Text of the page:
No news is currently the best news with the 34-hour restart uncertainty.
Shannon Newton, the president of the Arkansas Trucking Association, recently traveled with representatives of state trucking companies to Washington, D.C., to meet with members of Congress about the rule being in a sort of limbo. The issue at hand is the 34-hour restart for drivers.
“This is a national issue,” said Newton, whose group met with, among others, Rep. Rick Crawford, R-Ark. “It was our job to compel them that this is a really big issue for our industry. It does require a legislative solution. We’re really just trying to garner support.”
Since 2003, drivers have operated under a safety system that requires them to take a 34-hour break that resets their available on-job time. In July 2013, the Federal Motor Carriers Safety Administration tried to amend that provision to limit the restarts to once a week and to mandate that the rest time include consecutive 1 a.m. to 5 a.m. periods — when truckers would prefer to be driving because of fewer traffic headaches.
The trucking industry got Congress to suspend the FMCSA’s restart restrictions until a safety report could be completed. All was happy in Truckville until Congress passed the omnibus appropriations bill in 2015 that apparently included language that would eliminate the 34-hour restart completely if the safety report wasn’t conclusive.
The language was supposed to say — in the minds of supporters of the less restrictive restart — that if the safety report didn’t prove conclusive safety results from the restrictions, then the 34-hour restart would revert permanently to the current system. What the language did say was that if the safety report wasn’t conclusive, then the restart provision would be shucked.
Most think the language oopsie was an oversight in a billion-page bill. American Trucking Associations Press Secretary Sean McNally called it a “glitch” because the intentions of Congress on the restart were clear: keep the less restrictive 34-hour restart if the restrictions don’t significantly improve safety.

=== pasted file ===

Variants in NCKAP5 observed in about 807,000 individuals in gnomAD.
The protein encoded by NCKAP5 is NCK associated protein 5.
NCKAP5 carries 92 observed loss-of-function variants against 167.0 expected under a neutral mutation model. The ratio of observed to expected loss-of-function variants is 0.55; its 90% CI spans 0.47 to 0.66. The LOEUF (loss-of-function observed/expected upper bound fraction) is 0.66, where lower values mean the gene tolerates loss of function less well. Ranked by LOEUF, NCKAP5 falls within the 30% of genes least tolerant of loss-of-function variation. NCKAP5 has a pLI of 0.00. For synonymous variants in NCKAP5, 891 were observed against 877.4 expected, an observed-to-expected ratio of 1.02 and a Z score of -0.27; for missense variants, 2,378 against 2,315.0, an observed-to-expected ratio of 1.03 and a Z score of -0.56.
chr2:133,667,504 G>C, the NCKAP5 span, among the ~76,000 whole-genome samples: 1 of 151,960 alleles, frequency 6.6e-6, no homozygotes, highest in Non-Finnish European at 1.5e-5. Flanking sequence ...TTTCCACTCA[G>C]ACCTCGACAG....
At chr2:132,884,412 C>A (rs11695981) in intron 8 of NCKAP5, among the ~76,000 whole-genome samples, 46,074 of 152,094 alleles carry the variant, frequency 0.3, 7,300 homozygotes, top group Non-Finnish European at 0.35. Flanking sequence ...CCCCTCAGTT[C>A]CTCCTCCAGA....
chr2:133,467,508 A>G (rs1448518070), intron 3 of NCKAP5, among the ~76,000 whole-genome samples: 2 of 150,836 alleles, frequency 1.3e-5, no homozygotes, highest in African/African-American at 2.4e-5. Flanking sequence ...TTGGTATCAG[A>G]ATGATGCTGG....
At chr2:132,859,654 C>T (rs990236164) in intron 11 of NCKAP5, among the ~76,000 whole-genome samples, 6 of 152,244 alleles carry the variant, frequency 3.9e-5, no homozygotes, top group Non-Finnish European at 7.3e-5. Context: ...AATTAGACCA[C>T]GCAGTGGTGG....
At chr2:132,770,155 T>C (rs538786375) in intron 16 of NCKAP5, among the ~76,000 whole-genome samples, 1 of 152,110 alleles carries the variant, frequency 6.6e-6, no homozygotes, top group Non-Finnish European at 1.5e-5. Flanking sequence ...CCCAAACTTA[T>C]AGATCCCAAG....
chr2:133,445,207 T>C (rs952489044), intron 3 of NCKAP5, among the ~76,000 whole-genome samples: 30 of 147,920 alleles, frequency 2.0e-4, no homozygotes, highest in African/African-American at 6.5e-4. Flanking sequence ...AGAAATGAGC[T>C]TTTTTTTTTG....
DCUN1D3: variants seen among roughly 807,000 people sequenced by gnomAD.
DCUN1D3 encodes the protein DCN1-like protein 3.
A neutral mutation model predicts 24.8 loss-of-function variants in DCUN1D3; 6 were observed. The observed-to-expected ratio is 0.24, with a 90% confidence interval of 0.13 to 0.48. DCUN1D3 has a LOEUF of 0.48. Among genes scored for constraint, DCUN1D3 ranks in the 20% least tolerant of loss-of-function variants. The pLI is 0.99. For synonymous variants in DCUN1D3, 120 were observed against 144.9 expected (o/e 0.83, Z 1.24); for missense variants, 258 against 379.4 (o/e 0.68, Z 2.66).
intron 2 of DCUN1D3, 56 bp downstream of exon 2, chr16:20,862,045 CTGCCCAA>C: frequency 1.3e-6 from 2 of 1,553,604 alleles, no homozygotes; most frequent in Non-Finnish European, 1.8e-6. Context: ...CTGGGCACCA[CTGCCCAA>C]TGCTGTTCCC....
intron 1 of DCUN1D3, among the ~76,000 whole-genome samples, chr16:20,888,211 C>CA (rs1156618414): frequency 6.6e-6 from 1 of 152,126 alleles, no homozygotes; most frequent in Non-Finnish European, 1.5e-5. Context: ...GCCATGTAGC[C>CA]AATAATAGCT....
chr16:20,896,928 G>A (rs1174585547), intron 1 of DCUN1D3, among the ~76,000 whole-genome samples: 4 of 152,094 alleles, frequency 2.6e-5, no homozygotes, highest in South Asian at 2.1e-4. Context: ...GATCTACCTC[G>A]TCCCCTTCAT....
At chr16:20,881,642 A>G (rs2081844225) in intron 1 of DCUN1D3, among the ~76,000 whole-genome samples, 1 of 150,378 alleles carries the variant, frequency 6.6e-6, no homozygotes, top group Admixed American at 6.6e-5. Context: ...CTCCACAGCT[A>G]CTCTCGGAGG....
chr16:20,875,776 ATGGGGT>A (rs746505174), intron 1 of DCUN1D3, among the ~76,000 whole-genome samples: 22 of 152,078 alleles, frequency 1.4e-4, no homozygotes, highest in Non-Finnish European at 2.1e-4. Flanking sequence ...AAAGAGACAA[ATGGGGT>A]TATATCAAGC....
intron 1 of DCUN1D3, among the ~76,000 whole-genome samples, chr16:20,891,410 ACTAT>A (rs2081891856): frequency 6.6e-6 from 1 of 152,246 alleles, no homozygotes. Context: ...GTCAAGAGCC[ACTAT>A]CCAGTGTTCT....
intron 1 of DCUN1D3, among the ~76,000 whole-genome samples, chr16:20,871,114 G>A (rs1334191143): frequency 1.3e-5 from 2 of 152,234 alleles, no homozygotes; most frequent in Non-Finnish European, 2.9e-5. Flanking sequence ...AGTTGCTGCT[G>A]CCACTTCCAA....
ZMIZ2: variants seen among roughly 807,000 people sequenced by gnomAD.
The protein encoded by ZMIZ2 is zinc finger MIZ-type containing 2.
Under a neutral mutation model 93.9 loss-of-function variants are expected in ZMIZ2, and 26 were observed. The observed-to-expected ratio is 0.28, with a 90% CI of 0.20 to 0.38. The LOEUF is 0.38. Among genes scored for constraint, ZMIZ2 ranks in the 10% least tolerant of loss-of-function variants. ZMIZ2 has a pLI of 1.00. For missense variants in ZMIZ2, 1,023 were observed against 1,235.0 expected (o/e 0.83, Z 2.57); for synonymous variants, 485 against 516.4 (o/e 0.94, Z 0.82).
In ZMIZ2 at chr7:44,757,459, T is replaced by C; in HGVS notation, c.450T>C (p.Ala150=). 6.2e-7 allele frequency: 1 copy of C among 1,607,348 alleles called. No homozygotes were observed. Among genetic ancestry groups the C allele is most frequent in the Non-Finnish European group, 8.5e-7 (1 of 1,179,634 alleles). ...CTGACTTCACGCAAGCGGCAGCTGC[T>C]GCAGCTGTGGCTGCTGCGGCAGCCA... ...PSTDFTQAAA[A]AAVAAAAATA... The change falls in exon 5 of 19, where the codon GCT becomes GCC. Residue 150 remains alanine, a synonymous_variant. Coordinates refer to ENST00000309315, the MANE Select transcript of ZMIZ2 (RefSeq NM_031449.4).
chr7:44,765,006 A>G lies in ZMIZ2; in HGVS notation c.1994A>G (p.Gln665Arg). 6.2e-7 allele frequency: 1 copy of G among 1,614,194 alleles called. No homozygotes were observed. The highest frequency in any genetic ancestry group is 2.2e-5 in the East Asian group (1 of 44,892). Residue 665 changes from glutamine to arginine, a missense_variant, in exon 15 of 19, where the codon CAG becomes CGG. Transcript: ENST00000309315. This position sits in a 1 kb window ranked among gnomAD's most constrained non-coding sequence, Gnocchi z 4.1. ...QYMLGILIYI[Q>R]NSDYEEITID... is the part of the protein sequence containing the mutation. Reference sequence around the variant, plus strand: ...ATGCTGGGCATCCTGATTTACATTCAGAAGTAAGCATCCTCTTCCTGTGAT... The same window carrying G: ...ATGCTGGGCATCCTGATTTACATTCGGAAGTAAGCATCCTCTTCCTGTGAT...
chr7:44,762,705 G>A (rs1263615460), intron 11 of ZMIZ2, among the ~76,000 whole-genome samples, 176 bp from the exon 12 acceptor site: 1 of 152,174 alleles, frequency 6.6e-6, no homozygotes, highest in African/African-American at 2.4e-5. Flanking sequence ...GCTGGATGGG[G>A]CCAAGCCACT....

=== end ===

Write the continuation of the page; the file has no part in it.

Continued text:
“There was lack of oversight by a lot of people because a lot of people had access to the bill,” Newton said. “Certainly, in the industry, there is some responsibility for that because it was language we advocated for. I think it was truly an oversight, or an unintended consequence. There is the issue of it’s a large bill and you’re given 48 hours to read it. If you have not previously seen it, there’s no way they could have all combed through the full bill. When we were meeting with [congressional] members they were nodding their heads, ‘Well, that’s what happens.’”
Currently, the report is either not complet or is being held back because of the language question. The FMCSA and Department of Transportation would like to see the 34-hour restart endure, either in the version they prefer or the trucking industry’s favorite.
Without a 34-hour restart, truckers would revert to the “rolling recap” in place before 2003. McNally called this rule “antiquated” because it requires drivers to do a daily calculation to determine how many hours they can work; there is no reset where a driver takes a weekend off and starts again at zero.
Newton said the entire transportation network has been structured on the current system for more than a decade. Some industry experts said productivity may fall up to 10 percent if the rolling recap is implemented.
“If the restart goes away entirely, drivers will likely revert back to working shorter, but more consecutive days, and the rolling recap — with its problematic math — would come back into play on a widespread basis,” McNally said in an emailed statement. “Bottom line: Eliminating the restart entirely would unleash chaos not just on the trucking industry, but on the law enforcement community as well, which is why the ATA is looking for a bipartisan solution.”
The hope is that Congress will include clarifying language in a soon-to-pass bill, and then the safety report is released and everyone gets on with their lives under whichever restart survives. It’s just a matter of Congress, you know, passing a bill during the campaign season.
“The really big problem is there are very few pieces of legislation that move at all,” Newton said. “I wouldn’t want to bet on congressional action. We’re confident there is support there to get a solution, to work with the industry that will prevent this chaotic situation. I don’t know exactly how.”